There was a good intro to this post at one point in time, but thanks to a Safari caching bug when using Movable Type and comment spam, it’s long gone. Hopefully the rest of this will make sense without the introduction. Oh well.
Now, about forward compatibility. The recent flap about the XHTML 2.0 draft says a lot about this. Things are deprecated to the point that no site built using valid 1.0 will work if I switch doctypes? So what am I gaining by supporting 1.0 now?
Sites from 5 years ago still work in today’s browsers (aside from those that took advantage of browser–specific quirks back in the day) so why change coding practices? What works is what matters, isn’t it? It is, and it isn’t. It is because it is what we’re used to. We know the quirks, we can code around them — the path of least resistance. It isn’t, because by now we all now how much more elegant a good CSS–based layout can be.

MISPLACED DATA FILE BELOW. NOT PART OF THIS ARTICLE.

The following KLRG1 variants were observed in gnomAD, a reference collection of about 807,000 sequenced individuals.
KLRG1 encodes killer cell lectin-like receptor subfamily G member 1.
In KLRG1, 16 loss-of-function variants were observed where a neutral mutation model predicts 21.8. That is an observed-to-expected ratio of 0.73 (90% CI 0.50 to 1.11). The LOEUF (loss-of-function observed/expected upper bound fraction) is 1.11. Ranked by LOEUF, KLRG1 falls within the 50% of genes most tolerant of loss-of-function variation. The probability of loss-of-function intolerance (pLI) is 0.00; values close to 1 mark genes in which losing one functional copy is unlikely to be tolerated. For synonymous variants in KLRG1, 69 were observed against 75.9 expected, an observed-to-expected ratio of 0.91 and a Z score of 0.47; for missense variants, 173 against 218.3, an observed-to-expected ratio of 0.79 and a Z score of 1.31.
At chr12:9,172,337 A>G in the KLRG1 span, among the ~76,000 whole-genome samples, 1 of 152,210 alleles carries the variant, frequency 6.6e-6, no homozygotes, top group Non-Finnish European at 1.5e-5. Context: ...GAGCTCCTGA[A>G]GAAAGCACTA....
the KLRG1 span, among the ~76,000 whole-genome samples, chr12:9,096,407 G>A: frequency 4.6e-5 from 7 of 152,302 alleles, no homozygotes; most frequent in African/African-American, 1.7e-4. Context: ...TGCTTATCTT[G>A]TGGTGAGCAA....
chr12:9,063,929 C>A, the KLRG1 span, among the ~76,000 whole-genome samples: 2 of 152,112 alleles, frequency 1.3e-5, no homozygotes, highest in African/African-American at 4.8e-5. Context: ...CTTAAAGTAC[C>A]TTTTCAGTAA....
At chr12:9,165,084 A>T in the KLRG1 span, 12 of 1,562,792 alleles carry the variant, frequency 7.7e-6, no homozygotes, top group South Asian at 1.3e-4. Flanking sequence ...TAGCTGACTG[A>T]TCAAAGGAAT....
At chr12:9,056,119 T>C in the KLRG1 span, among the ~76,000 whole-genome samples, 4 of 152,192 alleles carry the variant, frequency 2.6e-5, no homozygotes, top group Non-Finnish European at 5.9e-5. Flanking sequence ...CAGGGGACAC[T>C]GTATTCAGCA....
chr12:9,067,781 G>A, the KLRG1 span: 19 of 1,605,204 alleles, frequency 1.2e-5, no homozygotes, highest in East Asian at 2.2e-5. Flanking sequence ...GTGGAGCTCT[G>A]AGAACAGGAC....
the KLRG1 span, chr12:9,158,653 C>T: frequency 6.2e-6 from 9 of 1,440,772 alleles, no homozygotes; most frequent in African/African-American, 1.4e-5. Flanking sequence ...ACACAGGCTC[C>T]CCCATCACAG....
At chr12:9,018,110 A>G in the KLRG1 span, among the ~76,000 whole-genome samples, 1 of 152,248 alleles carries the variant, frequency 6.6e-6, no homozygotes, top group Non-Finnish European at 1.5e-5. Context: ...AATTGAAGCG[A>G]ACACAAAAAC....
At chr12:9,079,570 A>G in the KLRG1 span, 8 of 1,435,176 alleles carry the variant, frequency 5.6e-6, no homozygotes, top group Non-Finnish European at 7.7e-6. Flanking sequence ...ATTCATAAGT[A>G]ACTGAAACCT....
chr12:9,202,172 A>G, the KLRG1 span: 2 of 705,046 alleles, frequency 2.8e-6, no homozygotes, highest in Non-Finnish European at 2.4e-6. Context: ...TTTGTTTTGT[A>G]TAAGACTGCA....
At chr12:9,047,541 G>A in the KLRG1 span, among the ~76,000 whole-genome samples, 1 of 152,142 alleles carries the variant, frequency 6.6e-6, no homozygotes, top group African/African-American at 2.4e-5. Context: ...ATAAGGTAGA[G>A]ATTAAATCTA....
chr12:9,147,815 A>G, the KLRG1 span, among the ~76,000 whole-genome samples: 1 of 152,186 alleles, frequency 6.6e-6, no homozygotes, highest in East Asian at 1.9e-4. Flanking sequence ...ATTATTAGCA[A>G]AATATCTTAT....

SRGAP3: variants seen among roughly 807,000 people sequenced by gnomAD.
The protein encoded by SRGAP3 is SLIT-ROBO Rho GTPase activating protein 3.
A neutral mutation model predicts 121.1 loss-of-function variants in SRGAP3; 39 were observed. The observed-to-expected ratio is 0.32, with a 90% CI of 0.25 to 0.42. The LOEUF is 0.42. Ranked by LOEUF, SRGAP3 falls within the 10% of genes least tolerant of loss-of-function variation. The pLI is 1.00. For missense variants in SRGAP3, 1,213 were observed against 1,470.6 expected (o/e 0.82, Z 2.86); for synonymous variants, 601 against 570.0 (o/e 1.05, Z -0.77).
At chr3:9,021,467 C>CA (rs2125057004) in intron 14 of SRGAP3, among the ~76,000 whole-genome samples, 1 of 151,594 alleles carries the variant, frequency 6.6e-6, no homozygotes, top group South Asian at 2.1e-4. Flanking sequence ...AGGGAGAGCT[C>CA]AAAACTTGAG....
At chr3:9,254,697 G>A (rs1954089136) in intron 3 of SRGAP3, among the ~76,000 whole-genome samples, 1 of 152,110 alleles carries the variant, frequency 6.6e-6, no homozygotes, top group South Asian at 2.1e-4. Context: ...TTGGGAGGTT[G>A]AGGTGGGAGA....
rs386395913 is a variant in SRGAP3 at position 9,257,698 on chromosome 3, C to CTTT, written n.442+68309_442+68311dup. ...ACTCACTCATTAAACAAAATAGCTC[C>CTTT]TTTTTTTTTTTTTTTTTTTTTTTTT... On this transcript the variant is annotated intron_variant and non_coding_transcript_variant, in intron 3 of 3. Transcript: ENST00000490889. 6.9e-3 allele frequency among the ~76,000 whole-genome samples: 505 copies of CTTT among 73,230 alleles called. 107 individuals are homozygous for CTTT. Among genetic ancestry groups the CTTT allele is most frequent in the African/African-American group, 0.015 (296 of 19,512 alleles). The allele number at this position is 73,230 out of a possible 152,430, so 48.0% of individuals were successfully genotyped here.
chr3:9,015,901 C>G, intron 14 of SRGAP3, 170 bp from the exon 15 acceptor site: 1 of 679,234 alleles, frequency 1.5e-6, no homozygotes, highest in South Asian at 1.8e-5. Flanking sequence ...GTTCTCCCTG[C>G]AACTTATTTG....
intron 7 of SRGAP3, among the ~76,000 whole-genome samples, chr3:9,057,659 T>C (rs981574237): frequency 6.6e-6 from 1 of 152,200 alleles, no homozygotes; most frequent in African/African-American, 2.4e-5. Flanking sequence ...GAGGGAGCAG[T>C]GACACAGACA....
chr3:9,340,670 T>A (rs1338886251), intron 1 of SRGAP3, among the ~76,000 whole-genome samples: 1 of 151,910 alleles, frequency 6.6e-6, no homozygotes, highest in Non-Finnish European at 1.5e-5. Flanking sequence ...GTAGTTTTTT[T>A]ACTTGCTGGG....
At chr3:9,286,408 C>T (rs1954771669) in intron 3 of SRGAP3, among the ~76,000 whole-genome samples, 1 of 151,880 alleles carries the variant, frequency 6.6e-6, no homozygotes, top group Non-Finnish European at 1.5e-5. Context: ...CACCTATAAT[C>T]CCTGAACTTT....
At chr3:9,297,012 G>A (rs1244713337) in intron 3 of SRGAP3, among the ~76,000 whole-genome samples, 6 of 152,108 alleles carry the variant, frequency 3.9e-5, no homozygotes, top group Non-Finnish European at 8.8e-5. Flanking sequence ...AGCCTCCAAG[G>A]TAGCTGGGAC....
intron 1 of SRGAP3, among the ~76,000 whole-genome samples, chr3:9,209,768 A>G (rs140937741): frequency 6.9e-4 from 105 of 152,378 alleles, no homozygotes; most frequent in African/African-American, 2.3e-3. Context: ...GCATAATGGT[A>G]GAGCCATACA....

CSS hacks are what’s killing the argument. The fact that the default font size for each browser is different and that box models are broken for a large percentage of users is why people used to the four horsemen of the body tag, marginwidth and so forth, don’t exactly see the grass as being greener. Can you blame them?
The bottom line is that people use what works. And right now, both work, with their own quirks. Some stay in the past, others are looking to the future. We’ve started seeing the shift from the one to the other, and this will continue, that’s not in question. So the question you have to ask yourself is if you’re going to be stuck behind, a relic of the dot–com boom, or if you’re going to evolve with the rest of us.
It’s been a slow transition. But it’s a transition, and we are moving forward.